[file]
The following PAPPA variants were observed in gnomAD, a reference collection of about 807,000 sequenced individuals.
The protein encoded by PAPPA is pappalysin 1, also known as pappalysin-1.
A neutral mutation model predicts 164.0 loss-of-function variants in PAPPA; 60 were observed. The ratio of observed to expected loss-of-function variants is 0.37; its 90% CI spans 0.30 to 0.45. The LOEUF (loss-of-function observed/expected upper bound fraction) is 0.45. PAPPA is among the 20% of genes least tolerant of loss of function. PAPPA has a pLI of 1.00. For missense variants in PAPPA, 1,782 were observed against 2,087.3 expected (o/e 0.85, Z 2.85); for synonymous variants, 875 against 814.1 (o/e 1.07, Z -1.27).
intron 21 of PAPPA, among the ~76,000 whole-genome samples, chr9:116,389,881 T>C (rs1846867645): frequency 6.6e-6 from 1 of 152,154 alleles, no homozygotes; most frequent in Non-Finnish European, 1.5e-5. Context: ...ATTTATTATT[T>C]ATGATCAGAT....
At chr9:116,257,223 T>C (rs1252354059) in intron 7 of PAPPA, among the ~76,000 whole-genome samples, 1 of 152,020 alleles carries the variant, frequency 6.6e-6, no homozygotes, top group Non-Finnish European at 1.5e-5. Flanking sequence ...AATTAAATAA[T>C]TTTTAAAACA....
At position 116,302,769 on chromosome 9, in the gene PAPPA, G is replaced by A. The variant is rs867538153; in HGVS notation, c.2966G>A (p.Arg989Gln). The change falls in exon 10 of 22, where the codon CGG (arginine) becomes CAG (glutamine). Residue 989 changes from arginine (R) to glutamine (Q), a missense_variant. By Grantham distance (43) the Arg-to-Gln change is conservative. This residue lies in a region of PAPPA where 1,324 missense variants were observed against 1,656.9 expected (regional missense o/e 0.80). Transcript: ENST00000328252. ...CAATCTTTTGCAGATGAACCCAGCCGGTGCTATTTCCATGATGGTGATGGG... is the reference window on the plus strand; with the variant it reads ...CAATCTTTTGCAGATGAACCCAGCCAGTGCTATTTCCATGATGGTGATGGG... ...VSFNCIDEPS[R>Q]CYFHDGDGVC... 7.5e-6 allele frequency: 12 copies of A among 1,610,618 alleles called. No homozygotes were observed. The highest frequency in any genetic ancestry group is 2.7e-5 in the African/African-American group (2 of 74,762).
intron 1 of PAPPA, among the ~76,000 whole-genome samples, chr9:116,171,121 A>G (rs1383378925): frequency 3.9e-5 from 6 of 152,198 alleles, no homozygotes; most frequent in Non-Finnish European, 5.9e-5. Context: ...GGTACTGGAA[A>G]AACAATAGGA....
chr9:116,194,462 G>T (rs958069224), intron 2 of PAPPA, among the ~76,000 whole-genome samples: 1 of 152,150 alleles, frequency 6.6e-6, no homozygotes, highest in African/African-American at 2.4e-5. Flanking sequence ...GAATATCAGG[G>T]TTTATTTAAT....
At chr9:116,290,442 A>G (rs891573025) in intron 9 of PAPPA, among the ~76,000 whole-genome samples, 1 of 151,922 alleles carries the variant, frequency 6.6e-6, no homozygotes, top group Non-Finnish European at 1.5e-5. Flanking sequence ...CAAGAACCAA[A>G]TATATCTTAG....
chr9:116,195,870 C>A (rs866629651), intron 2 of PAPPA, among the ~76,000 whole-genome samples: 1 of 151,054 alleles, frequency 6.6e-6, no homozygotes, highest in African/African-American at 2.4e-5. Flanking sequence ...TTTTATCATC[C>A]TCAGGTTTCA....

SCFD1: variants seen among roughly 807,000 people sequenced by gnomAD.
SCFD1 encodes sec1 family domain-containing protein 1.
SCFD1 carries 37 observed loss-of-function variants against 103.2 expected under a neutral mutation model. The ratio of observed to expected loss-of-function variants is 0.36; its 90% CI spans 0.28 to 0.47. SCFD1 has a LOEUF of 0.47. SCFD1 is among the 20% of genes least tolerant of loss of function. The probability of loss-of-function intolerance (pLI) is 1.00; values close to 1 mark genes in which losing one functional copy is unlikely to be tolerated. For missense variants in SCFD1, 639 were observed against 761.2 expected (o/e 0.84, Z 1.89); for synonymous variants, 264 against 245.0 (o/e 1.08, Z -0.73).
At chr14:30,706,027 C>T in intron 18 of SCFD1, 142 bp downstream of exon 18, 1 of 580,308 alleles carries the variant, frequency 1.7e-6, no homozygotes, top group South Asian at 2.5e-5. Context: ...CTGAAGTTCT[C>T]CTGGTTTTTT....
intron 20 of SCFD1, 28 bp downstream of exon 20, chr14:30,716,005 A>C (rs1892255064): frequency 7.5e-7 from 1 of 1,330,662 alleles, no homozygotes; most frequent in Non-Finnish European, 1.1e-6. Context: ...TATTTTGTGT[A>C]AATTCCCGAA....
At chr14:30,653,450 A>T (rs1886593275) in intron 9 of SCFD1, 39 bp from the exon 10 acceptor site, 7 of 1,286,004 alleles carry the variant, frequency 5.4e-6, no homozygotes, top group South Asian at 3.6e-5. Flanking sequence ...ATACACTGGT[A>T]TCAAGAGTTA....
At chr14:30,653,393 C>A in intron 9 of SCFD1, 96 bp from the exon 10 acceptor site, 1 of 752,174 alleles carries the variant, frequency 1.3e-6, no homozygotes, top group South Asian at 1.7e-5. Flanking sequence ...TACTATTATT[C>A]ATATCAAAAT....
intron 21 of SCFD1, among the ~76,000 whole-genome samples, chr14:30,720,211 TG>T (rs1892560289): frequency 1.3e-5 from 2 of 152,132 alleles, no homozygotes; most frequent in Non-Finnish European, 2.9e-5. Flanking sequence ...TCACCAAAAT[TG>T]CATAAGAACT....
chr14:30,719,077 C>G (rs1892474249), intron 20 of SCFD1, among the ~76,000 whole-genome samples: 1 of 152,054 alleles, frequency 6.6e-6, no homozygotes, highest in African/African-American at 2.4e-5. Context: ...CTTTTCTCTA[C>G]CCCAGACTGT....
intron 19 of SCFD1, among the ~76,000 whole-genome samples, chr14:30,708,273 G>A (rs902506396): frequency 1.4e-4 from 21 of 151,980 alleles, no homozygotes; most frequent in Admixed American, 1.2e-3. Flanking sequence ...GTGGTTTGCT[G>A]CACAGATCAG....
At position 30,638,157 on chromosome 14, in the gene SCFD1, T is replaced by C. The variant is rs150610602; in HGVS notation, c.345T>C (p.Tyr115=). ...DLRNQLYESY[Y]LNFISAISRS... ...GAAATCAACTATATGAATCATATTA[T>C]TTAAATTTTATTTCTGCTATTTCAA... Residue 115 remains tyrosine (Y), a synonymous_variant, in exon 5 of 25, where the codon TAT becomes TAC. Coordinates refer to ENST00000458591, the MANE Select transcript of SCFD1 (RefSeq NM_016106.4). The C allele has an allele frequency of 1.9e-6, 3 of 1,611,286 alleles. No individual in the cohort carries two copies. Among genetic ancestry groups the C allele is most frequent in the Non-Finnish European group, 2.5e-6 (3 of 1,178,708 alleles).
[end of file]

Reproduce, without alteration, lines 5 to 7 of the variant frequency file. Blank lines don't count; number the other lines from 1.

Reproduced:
At chr9:116,257,223 T>C (rs1252354059) in intron 7 of PAPPA, among the ~76,000 whole-genome samples, 1 of 152,020 alleles carries the variant, frequency 6.6e-6, no homozygotes, top group Non-Finnish European at 1.5e-5. Flanking sequence ...AATTAAATAA[T>C]TTTTAAAACA....
At position 116,302,769 on chromosome 9, in the gene PAPPA, G is replaced by A. The variant is rs867538153; in HGVS notation, c.2966G>A (p.Arg989Gln). The change falls in exon 10 of 22, where the codon CGG (arginine) becomes CAG (glutamine). Residue 989 changes from arginine (R) to glutamine (Q), a missense_variant. By Grantham distance (43) the Arg-to-Gln change is conservative. This residue lies in a region of PAPPA where 1,324 missense variants were observed against 1,656.9 expected (regional missense o/e 0.80). Transcript: ENST00000328252. ...CAATCTTTTGCAGATGAACCCAGCCGGTGCTATTTCCATGATGGTGATGGG... is the reference window on the plus strand; with the variant it reads ...CAATCTTTTGCAGATGAACCCAGCCAGTGCTATTTCCATGATGGTGATGGG... ...VSFNCIDEPS[R>Q]CYFHDGDGVC... 7.5e-6 allele frequency: 12 copies of A among 1,610,618 alleles called. No homozygotes were observed. The highest frequency in any genetic ancestry group is 2.7e-5 in the African/African-American group (2 of 74,762).
intron 1 of PAPPA, among the ~76,000 whole-genome samples, chr9:116,171,121 A>G (rs1383378925): frequency 3.9e-5 from 6 of 152,198 alleles, no homozygotes; most frequent in Non-Finnish European, 5.9e-5. Context: ...GGTACTGGAA[A>G]AACAATAGGA....